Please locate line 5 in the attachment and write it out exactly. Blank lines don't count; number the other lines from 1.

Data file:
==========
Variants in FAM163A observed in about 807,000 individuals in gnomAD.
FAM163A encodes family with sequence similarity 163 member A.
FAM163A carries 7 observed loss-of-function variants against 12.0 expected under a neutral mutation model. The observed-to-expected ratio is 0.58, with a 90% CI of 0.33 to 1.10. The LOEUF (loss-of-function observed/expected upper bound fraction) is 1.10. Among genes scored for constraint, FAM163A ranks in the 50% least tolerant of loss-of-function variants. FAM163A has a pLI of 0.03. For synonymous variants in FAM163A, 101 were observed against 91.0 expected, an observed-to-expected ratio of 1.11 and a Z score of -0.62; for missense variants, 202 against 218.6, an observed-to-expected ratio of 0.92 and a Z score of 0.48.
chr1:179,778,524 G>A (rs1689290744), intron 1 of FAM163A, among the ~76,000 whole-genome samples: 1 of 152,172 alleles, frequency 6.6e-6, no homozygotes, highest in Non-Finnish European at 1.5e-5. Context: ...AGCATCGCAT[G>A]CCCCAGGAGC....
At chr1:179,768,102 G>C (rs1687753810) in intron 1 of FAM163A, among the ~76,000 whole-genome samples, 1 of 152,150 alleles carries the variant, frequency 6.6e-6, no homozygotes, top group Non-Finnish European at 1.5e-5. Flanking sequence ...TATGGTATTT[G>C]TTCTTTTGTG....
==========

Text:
At chr1:179,768,102 G>C (rs1687753810) in intron 1 of FAM163A, among the ~76,000 whole-genome samples, 1 of 152,150 alleles carries the variant, frequency 6.6e-6, no homozygotes, top group Non-Finnish European at 1.5e-5. Flanking sequence ...TATGGTATTT[G>C]TTCTTTTGTG....